I turned on the Today show this morning and the story about Lindsey Lohan made me realize that there are some things you don’t want to see. In what alternate universe does she reside where wearing a skin tight, white mini-dress is going to gain her favor with the court? Reality, Linds, is not like Legally Blonde. She is in serious need of a life coach, as am I so I shouldn’t be throwing any stones. I am going to try to redeem myself today by donating blood. I prepared last night by putting down my wine glass and drinking only tea. Let me tell you – the snack and juice better be damn good. Here is my public service announcement: Give some of your blood. Like the Doritos factory, you’ll make more. Especially here in the Northeast, we are in desperate need.
Back to your baby blues … or greens or browns …
1. Conjunctivitis – In medicine, anything that ends in “itis” refers to an infection or inflammation. To add to the eye anatomy lesson from 2/8, the CONJUNCTIVA is the thin mucous membrane that covers the sclera (the white part) and lines the inside of your upper and lower eyelids. The conjunctiva is the part of the eye that is most exposed to the elements and therefore, despite the protection of tears and eyelids, is subject to infection and inflammation. Symptoms include blurred vision, increased tear production, crusting of the eye, redness of the conjunctiva, a gritty feeling in the eyes. It is most commonly caused by viruses but can also be caused by bacteria, allergies, fungi, chlamydia, and some diseases. It is contagious by contact and treatment is usually drops. Even if the conjunctivitis is caused by a virus, antibiotic drops are often used to prevent it from becoming a more serious bacterial infection. It, most often, when treated, resolves without sequelae but you have to live with everyone running away from your “pink eyes” for a few days.
2. Stye (or hordeolum) is simply an abscess that forms in the upper or lower eyelid. It is caused by bacteria that is always present, but that finds a way to get under the skin of the eyelid. It will usually start out as a small pimple and then grow to a red, painful bump either on the outside or the inside of the eyelid. It will usually go away on its own. Warm compresses and over-the-counter pain medications are useful for symptom management.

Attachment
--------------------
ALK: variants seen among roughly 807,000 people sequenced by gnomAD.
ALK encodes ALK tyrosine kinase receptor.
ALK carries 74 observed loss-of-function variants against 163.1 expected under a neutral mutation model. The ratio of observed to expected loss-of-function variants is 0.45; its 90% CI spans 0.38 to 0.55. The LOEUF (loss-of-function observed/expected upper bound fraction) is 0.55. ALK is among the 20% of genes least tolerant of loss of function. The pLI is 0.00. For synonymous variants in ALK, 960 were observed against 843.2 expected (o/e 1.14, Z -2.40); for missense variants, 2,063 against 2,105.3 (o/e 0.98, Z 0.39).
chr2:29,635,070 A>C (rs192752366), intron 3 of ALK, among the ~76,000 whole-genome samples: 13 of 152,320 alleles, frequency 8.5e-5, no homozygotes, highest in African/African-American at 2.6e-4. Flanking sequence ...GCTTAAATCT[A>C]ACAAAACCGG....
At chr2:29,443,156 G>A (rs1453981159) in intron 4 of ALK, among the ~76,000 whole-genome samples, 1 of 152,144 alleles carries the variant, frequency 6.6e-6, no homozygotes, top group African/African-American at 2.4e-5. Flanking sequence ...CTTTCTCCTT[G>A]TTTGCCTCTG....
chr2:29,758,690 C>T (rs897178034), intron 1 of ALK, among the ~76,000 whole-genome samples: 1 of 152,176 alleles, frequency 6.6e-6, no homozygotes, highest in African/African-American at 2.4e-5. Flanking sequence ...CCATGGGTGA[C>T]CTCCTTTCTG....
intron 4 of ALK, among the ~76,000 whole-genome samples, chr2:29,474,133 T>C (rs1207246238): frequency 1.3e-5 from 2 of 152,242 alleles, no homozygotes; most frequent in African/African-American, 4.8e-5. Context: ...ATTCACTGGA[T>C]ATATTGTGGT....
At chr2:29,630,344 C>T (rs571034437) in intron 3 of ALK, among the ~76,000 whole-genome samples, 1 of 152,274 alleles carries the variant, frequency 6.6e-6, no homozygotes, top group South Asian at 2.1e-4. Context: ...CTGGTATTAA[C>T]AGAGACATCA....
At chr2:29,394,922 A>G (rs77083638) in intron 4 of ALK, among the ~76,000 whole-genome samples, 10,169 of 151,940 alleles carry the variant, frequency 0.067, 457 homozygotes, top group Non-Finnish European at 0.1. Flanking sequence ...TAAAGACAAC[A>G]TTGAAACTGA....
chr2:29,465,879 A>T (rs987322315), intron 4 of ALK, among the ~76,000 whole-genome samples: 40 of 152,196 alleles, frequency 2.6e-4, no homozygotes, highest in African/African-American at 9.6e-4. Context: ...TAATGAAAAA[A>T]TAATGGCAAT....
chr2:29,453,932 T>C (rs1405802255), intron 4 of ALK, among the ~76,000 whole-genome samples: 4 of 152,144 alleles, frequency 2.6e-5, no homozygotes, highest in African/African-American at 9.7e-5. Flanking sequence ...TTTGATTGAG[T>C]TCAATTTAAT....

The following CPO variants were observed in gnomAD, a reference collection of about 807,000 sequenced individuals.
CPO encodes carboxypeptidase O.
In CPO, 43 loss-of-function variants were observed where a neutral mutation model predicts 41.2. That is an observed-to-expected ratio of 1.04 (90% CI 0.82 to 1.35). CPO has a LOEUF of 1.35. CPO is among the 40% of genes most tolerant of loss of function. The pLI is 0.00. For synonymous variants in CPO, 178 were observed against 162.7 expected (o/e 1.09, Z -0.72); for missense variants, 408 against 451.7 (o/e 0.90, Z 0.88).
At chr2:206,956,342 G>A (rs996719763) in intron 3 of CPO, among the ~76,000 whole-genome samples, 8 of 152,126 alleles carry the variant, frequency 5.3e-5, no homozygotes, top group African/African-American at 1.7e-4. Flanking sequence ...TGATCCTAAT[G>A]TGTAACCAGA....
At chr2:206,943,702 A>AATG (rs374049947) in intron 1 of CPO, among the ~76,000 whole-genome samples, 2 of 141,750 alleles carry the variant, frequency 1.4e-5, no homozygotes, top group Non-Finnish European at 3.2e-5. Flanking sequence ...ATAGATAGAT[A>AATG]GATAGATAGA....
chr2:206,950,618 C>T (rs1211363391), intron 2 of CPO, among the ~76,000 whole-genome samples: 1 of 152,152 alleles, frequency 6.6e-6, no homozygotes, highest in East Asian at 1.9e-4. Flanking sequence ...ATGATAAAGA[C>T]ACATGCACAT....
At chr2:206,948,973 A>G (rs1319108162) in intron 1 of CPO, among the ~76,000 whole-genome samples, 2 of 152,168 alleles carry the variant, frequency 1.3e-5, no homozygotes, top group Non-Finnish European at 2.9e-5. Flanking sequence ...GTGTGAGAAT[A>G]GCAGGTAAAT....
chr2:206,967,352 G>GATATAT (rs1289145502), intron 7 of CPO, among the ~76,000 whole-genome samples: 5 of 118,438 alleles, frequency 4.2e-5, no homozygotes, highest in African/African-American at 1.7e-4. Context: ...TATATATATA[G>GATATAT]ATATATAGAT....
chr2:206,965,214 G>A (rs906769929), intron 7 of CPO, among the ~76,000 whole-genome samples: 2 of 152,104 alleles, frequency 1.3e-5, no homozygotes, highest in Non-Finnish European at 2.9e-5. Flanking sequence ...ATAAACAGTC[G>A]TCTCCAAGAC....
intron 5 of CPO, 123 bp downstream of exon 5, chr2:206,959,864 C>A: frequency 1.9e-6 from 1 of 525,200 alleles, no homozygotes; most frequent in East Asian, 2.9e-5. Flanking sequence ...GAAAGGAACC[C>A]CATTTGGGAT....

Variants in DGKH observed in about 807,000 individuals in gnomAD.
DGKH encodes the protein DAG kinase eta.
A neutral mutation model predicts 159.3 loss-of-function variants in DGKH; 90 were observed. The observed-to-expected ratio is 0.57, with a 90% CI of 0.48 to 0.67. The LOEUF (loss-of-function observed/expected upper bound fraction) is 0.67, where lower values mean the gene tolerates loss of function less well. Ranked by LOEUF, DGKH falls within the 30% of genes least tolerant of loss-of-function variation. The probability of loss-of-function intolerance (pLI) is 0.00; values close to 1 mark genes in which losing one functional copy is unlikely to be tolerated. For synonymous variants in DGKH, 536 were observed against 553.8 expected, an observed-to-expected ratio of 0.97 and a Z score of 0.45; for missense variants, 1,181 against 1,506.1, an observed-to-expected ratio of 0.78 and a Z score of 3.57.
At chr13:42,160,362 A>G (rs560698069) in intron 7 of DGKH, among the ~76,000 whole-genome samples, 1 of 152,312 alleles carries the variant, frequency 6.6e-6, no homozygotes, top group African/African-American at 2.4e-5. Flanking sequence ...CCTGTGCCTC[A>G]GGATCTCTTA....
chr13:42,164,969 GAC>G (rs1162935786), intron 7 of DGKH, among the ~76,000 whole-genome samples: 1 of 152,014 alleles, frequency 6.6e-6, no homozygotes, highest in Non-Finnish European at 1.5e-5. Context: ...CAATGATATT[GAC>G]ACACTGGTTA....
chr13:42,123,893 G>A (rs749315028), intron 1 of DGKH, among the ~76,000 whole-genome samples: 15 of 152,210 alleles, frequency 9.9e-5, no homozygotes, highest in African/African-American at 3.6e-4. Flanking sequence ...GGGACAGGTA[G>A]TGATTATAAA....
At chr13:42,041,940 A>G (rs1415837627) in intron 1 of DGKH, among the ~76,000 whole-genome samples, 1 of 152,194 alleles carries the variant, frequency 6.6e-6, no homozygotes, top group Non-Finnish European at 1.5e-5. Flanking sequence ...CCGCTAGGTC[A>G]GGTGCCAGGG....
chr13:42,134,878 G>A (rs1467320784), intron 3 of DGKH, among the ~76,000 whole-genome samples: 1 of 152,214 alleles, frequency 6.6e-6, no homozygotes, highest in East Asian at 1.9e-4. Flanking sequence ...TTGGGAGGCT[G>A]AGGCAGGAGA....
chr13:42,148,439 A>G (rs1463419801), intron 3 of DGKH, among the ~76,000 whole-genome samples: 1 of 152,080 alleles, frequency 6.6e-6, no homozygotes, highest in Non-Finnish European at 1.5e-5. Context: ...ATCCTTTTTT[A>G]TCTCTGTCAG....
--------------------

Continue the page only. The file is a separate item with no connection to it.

3. Chalazions – These are painless, red, bumps near the eyelids that usually form over weeks to months. They result from a blocked duct that normally carries an oily substance that helps to lubricate the eye. It is almost always harmless and will go away in time.
4. Eye Twitching – This is like a little tic in your eyelid, usually the lower one. It is benign but very disconcerting and annoying. It is often caused by stress, but can also be caused by lack of sleep, caffeine, dry eyes or allergies. It can last from hours to months. Treatment is aimed at addressing the underlying cause.
5. Floaters – These are very common and will ultimately affect about 70% of the population. They are due to … what else? … age related changes in the eye. The vitreous humor – the jelly-like substance that fills the eye – starts to thin. Tiny particles clump together and occasionally they float past your line of vision creating a shadow that you see as a black or gray specks or strings. As said, they are benign but if you notice a sudden increase in their number or frequency or if they are accompanied by flashes of light or loss of vision out of the corner of your eye, you need immediate medical attention. We will address serious conditions tomorrow.
I am breaking my rule of five because after I finished, I realized that I didn’t talk about subconjunctival hemmorhage which looks terrible but is completely harmless. It occurs when a small blood vessel bursts under the conjunctiva and blood fills up that area. It appears as part of your sclera turning red and alarms anyone who looks at you. It will resolve in 1-2 weeks as the blood slowly gets absorbed. In the meantime, come up with a good story for anyone who stares. For instance, say that you saved a baby from a moving train and suffered subsequent traumatic head injury. You can probably get your grocery bags carried to the car with that one. If you have to see red, you might as well have some fun with it.